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Vocations

 

Diocesan/ Religious Vocations

The word “vocation” comes from the Latin vocare – to call. In discerning a vocation to the priestly and religious life, there needs to be an acknowledgement that we are only responding to a call to this life from God. It is God who loved us first. He is also the one who called us first. To say yes to a religious and priestly vocation is to respond to the love which God has given us, and respond to the call that he has made.

There might be some misunderstanding regarding the religious and priestly vocation. John Mary Vianney said that the priesthood is the heart of the love of Christ. Priests, by the power of ordination, make present Christ in the world today, in the sacraments, and especially in the Holy Sacrifice of the Mass when the bread and the wine become the Body and Blood of Christ. A priest, may he be religious or diocesan, is a priest after the heart of Christ.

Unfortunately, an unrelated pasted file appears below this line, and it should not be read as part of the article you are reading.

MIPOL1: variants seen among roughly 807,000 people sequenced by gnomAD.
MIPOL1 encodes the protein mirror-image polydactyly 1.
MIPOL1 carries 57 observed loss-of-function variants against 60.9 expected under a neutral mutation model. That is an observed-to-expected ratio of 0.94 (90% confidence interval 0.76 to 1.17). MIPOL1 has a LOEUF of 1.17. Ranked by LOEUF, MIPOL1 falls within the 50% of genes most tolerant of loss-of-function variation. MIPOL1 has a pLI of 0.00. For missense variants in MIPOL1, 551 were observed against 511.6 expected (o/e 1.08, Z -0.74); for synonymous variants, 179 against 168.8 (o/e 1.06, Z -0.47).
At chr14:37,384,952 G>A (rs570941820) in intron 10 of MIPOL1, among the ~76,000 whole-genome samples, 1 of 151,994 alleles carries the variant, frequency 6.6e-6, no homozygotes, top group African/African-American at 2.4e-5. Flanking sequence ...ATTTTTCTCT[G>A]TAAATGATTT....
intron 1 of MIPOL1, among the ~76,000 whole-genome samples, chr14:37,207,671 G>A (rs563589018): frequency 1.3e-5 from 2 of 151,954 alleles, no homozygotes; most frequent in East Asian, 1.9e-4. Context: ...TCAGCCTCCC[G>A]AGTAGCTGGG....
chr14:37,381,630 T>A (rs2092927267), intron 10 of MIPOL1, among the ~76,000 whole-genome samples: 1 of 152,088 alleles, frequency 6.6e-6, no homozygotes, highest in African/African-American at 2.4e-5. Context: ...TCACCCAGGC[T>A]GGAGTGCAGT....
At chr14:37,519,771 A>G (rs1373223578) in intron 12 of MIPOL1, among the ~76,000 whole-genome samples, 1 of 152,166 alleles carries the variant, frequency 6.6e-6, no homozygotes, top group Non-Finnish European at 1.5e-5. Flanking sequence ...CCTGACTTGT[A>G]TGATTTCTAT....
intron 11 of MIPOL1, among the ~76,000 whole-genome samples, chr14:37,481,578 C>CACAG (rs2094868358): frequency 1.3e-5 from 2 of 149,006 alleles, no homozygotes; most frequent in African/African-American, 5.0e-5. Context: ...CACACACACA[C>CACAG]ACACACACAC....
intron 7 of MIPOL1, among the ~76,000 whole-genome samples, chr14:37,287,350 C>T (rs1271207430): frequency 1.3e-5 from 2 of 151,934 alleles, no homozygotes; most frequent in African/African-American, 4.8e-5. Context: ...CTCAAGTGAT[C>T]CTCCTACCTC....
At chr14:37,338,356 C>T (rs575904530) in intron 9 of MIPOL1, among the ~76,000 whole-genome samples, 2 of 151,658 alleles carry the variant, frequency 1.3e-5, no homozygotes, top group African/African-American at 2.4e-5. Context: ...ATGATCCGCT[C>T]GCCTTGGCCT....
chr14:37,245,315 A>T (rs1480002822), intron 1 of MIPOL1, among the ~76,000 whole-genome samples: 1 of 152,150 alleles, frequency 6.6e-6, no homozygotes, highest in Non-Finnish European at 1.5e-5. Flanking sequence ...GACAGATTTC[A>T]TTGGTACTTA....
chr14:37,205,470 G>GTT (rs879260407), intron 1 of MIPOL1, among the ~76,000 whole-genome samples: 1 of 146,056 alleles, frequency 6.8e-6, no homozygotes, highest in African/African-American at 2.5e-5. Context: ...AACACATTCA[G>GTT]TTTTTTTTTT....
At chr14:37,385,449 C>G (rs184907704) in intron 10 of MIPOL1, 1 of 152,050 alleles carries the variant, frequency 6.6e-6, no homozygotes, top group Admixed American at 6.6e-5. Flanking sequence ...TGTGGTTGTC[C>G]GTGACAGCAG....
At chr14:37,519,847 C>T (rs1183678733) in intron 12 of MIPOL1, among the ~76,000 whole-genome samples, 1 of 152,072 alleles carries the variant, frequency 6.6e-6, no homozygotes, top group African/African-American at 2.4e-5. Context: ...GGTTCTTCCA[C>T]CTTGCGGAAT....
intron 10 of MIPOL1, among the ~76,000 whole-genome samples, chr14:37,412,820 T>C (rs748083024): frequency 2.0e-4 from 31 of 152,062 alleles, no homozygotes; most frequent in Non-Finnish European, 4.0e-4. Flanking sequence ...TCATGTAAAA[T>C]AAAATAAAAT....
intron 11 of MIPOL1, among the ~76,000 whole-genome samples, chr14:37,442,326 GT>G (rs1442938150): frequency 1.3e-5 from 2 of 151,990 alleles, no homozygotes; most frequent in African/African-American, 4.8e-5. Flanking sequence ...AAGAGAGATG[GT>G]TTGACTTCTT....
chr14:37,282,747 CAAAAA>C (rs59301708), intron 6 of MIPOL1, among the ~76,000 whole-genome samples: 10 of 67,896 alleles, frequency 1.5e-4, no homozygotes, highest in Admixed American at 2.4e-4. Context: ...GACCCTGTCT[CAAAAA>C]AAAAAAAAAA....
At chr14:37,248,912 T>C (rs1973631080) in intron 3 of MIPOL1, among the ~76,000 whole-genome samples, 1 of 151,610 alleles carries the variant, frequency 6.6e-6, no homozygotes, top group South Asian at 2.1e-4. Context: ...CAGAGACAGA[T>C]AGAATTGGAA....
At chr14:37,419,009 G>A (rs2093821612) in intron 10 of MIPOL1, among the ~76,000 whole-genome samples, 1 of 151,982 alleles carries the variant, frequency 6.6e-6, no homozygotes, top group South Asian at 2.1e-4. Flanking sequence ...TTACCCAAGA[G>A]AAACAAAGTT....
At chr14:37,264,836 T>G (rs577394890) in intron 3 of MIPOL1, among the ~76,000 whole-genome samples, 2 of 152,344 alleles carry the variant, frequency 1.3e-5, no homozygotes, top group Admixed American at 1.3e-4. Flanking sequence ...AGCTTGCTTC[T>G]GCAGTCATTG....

Diocesan priests are tasked by the bishop to oversee and care for the parishes in a diocese. It is the task of the parish priests to tend to the parishes and be with the people of God as they journey in life. Examples of diocesan priests are our current and former parish priests, Rev. Fr. Herbie Santos, Rev. Fr. Steven Zabala, Rev. Fr. Jojo Zerrudo, Rev. Fr. Ronald Macale, etc. Meanwhile, religious priests are priests who belong to a specific religious congregation or order. These congregations or orders have a specific charism in which they focus their lives on. Some, such as Jesuits and Claretians, are focused on missions. Others, like the Salesians, are focused on schools, while others, like the Camillians, are focused on serving the sick. An example of a religious priest is Rev. Fr. Ronnie Banaria, CMF who grew up here in Sikatuna Village. As a Claretian missionary, he has extensive experience serving the people of Zamboanga and Basilan.

There are also religious congregations and orders for women. They also have their specific charisms in which they focus their lives on. Some of them serve in schools. Some tend to the sick, street children, orphans, and other sectors of society which need the presence of God. Our parish is very fortunate to have a number of women religious communities in our midst. We have the Claretian sisters, Dominican sisters, and the Maria Auxiliatrice sisters.